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IMF changing slowly, but how much?

Over the past year or two the IMF has made some positive changes in policy and in their published work, some of which challenges the conventional wisdom among central banks and even the past practice of the IMF itself. The Fund, which prior to the current decade was one of the most powerful financial institutions in the world, has presided over a number of economic disasters and was widely seen - at least in the low-and middle-income countries to which it has lent for the past four decades - as generally doing more harm than good. Now there is debate over how much it has changed, and what these changes mean for the IMF itself and its role in the global economy going forward.

First, the good news: last year the IMF created some US$283 billion of its reserve currency, Special Drawing Rights (SDRs), available for borrowing by its 186 member countries. This is exactly the kind of thing that should be done in a world economic downturn. It is similar to the "quantitative easing" - i.e. creating money - that the U.S. Federal Reserve and the Bank of England have done during the recession. Although the IMF is not a world central bank, in this case it was acting as one, in a positive way. And the SDRs were made available to member countries without any conditions attached - something the IMF has never done before. Unfortunately, the SDRs were allocated according to each country's IMF quota, which meant that the high-income countries got the bulk of the money. And of course most of the low-income countries can't afford to take on more debt. Nonetheless, this was a positive step for the IMF toward developing countries.

The IMF has also recently published some interesting papers which indicate a re-consideration of their views on some important policy issues. The first, entitled "Rethinking Macroeconomics," was co-authored by the IMF's chief economist Olivier Blanchard and released on February 12. In this paper, the authors question a number of orthodoxies: is the 2 percent inflation target that is common among central banks too low? Should central banks in some countries target the exchange rate? This kind of re-thinking could lead to governments having more room to pursue policies that lead to higher employment.

The second paper, "Capital Inflows: The Role of Controls," is even more important. In this paper, the authors suggest that government controls on capital inflows may help countries be less vulnerable to economic crises. Recall that in the 1990s the IMF, together with the U.S. Treasury department, pressured Asian countries such as Indonesia and Thailand to remove restrictions on capital inflows. This was a major contributor to the Asian financial and economic crisis of the late 1990s, which was brought on by a sharp reversal of the large capital inflows that came in after this de-regulation. The IMF has generally favored removing restrictions on capital flows, despite the fact that there has never been much empirical evidence in favor of such de-regulation.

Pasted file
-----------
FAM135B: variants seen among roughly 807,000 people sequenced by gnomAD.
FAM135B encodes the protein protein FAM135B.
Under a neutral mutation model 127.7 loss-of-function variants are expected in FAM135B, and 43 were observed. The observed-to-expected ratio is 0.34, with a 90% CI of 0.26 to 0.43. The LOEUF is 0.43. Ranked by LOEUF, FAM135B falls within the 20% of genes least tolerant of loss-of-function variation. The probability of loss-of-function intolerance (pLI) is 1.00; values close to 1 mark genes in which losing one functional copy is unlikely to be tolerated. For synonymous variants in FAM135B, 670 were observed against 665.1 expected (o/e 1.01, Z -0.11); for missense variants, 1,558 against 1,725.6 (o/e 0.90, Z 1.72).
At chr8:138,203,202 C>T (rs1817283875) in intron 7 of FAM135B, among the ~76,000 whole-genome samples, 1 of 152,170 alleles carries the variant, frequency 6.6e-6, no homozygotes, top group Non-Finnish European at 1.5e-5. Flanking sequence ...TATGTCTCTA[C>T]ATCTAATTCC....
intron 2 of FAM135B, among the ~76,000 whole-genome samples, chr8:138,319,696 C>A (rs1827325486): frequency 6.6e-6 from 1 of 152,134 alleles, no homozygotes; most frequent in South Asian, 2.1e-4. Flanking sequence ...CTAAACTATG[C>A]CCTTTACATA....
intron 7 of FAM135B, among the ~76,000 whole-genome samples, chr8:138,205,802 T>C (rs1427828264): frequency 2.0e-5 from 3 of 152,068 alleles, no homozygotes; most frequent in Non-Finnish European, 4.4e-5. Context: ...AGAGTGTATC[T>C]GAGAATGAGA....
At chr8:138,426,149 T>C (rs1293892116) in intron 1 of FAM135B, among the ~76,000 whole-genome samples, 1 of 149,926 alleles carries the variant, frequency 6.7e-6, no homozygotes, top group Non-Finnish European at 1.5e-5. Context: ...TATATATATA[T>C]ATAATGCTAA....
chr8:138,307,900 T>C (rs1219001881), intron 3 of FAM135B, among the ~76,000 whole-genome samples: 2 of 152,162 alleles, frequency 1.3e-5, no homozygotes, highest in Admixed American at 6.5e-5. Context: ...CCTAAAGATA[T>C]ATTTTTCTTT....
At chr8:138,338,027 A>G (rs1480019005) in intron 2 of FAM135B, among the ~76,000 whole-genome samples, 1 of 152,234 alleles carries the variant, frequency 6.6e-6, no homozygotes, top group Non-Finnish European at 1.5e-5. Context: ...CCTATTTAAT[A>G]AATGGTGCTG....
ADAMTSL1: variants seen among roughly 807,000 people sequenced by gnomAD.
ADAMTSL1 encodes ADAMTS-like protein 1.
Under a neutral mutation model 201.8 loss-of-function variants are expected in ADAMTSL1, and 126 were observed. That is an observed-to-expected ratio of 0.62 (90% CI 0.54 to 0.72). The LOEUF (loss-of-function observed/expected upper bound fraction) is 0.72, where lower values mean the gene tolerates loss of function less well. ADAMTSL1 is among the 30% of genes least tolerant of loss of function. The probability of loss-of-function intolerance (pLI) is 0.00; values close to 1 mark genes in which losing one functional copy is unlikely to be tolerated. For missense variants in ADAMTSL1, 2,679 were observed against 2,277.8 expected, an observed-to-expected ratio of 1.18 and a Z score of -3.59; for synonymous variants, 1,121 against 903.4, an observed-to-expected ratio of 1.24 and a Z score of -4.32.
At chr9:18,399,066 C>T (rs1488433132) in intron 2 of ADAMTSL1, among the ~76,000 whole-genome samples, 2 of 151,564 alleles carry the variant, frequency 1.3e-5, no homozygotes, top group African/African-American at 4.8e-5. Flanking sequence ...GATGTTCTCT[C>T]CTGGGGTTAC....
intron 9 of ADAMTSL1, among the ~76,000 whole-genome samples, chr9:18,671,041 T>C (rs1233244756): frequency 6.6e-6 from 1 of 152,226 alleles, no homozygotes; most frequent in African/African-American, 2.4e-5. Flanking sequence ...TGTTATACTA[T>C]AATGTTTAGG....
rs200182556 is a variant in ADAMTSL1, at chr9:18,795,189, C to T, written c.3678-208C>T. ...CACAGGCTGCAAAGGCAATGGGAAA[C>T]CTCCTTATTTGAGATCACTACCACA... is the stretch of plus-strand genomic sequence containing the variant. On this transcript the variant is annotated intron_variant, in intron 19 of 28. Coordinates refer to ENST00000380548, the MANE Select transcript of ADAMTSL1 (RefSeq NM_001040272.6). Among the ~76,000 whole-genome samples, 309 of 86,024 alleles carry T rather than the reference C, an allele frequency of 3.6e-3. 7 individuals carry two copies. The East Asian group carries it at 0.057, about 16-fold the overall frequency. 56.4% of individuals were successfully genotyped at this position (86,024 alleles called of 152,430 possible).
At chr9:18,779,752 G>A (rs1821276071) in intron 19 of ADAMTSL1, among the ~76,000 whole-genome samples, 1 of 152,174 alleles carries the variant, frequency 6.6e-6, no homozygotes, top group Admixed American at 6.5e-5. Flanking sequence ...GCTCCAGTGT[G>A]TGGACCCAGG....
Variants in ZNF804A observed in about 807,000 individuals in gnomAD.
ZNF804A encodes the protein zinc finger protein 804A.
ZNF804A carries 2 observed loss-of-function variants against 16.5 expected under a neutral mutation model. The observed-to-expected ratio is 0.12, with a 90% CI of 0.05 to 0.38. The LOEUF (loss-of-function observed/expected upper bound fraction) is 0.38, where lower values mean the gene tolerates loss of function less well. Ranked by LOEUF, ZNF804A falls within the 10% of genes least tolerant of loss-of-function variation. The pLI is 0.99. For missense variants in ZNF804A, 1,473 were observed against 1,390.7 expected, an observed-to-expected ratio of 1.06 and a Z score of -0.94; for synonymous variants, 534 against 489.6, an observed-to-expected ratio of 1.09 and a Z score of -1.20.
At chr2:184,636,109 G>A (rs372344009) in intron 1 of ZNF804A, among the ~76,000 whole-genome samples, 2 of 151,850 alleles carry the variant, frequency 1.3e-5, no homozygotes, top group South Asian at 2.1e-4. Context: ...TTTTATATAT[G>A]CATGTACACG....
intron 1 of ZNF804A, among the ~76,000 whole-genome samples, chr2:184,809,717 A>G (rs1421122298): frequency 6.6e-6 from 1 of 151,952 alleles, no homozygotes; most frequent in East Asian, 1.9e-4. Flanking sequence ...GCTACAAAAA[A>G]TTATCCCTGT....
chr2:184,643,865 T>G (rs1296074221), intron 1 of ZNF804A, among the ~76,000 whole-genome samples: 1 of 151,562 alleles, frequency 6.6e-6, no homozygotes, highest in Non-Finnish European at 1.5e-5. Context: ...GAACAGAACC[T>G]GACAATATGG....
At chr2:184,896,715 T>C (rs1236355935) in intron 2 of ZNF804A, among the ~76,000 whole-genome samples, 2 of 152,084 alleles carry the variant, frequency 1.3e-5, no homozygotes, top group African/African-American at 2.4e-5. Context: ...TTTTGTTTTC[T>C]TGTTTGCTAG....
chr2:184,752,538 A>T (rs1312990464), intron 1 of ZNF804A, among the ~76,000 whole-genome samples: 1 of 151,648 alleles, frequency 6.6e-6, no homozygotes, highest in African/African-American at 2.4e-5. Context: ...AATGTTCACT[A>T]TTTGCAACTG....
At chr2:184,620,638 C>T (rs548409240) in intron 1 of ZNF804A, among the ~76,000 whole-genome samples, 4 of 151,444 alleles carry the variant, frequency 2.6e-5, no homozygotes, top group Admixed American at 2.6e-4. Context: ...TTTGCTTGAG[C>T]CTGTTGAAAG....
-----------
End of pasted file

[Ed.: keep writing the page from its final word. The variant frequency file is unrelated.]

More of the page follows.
These papers indicate perhaps an unprecedented level of rethinking at an institution that has represented a conservative orthodoxy for decades. The question is, how much can we expect it to lead to a change in the IMF's policies - most importantly, the conditions it attaches to lending?

This is where the bad news comes in. In the last few years, the IMF has continued with a long-held double standard: it supports counter-cyclical policies - i.e. expansionary fiscal and monetary policies during a downturn - for the high-income countries, but not so much for low and middle-income countries. In a study of 41 countries that had current agreements with the IMF in 2009, we found that 31 of these agreements had involved tightening either fiscal or monetary policy, or both, during a downturn. This contrasts sharply with what the IMF recommends for the rich countries like the U.S., which is running very large budget deficits and the Fed is holding policy interest rates at near-zero, and has created hundreds of billions of dollars in order to counter-act the recession (although our own stimulus has still been much too small relative to the fall-off in private demand; hence the loss of 8.5 million jobs and the bleak employment picture for years to come.)

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